What will happen at the hearing?
- The person who filed the lawsuit (the plaintiff) and the person who was sued (the defendant) are the parties to the lawsuit. Both are entitled to appear in court.
- There will be a judge but no jury in small claims cases. If you request jury trial, the case will be transferred to Circuit Court.
- Both parties are allowed to speak and to present documents, drawings, photographs and other evidence as well as witnesses.
- IMPORTANT TIP: There are differences in the rules for how the hearing will be conducted in small claims cases (up to $5,000) and large claim cases (up to $30,000 as of October 1, 2007). The rules are much more formal in the large claim cases. The advice or representation of an attorney is likely to be very helpful.
How Can You Collect the Judgment?
If you win, the next step will be to collect the amount ordered by the judge.
- You need to collect the funds on your own. The court will not collect it for you.
- However, if you do not receive the amount due to you in 30 days (unless there was an agreement to pay in installments), you can go back to court to try to have the money taken out of the other person’s pay check or to try to claim some personal property.
- The district court provides a brochure that explains how to collect judgments (PDF—10 pages).
- This brochure includes the steps you need to take if a defendant is uncooperative, which may lead to wage garnishment: getting the court to order the defendant’s employer to give you part of the defendant’s paycheck until your judgment is satisfied (PDF—5 pages).
- This is often a relatively fast way to get a case before a judge (there are no juries in small claims court).
- Small claims are handled less formally than other cases. Many people handle their cases without an attorney.
- The District Court provides a brochure in Korean to help understand the process of filing a small claim (PDF—24 pages).
- While you can hire an attorney, the court’s rules are simplified in small claims cases to make it easier for individuals to represent themselves.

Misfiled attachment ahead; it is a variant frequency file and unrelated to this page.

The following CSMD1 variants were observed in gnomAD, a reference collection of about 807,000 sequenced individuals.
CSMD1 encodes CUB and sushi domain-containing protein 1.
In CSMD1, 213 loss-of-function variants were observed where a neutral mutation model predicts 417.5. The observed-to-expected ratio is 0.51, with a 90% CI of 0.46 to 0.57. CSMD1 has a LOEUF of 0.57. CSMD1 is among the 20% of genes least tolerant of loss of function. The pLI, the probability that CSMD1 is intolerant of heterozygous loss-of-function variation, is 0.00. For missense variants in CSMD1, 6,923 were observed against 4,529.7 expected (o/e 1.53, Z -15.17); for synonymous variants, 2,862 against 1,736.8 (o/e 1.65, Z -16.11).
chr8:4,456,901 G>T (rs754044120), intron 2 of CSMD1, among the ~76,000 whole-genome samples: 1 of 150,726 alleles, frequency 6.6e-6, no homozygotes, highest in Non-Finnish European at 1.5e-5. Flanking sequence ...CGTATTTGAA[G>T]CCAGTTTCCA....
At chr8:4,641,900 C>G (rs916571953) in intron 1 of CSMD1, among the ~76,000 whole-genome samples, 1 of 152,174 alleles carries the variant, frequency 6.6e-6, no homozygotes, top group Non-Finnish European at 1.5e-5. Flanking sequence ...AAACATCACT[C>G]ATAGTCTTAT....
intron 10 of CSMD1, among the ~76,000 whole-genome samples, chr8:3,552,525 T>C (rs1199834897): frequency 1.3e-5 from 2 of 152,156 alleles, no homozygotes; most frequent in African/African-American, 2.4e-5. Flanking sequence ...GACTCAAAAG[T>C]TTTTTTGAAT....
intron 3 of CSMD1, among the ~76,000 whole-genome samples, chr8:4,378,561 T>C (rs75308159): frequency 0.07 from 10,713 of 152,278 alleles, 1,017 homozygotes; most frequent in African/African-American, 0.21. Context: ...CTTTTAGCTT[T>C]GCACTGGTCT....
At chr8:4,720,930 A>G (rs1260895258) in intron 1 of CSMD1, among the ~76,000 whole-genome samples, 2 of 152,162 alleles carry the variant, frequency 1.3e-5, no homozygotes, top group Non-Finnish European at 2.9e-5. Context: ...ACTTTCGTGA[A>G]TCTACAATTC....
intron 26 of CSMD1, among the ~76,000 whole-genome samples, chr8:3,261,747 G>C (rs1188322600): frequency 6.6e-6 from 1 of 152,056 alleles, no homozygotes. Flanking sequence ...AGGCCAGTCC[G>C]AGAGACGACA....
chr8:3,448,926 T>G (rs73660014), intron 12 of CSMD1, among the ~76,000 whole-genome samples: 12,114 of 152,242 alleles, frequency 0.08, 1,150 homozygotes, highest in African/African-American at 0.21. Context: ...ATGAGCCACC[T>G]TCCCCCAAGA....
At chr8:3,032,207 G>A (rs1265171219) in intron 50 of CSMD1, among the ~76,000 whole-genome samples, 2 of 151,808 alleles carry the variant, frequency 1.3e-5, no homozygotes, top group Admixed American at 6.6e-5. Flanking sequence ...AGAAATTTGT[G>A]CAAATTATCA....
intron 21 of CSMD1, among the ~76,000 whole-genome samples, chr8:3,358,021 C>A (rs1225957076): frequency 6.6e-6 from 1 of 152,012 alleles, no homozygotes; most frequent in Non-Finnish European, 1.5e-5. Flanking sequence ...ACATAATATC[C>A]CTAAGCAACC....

- To be tried as a small claim in District Court, your case must meet the following conditions:
- Your claim is for $5,000 or less; and,
- Your claim is only for money, NOT the return of property or performance of a service; and,
- You are not going to request any discovery such as interrogatories (written questions that the other side must answer under oath in writing, before trial).
If you do not meet ALL three of these conditions, you do not have a small claim, though your case may still be filed in District Court, under a different action.
The District Court hears the majority of landlord-tenant disputes in Maryland.
- When a landlord and a tenant enter into a lease agreement, both parties have certain rights and responsibilities.
- The District Court provides a brochure in Korean that explains the actions a tenant may take against a landlord (PDF, 8 pages) in particular situations, including serious health and safety issues (such as fire hazards and rental property being fixed upon request), excessive noise or other major disturbances, illegal entry onto rental property by landlord, and failure to return security deposit.
Seeking the Return of Property: "Replevin" & "Detinue" Claims
- Replevin is a legal action that allows you to seek the return of property, and possible damages, prior to a trial. Replevin claims are filed in District Court, regardless of the amount in action, and this action provides for a hearing where immediate possession of property may be determined prior to a trial.
- Detinue seeks the return of property OR compensation for its value, and possible damages, but does not allow for a hearing prior to trial to determine immediate possession of property. Detinue claims must be filed in District Court if they are under $5,000. As of October 1, 2007, detinue claims between $5,000 and $30,000 can be filed either in District or Circuit Court, and claims over $30,000 must be filed in Circuit Court.
- For detinue actions filed before October 1, 2007, claims between $5,000 and $25,000 may be filed either in District or Circuit Court, and claims over $25,000 must be filed in Circuit Court.
- Both replevin and a detinue require a trial to determine the rightful owner of the property and any possible damages.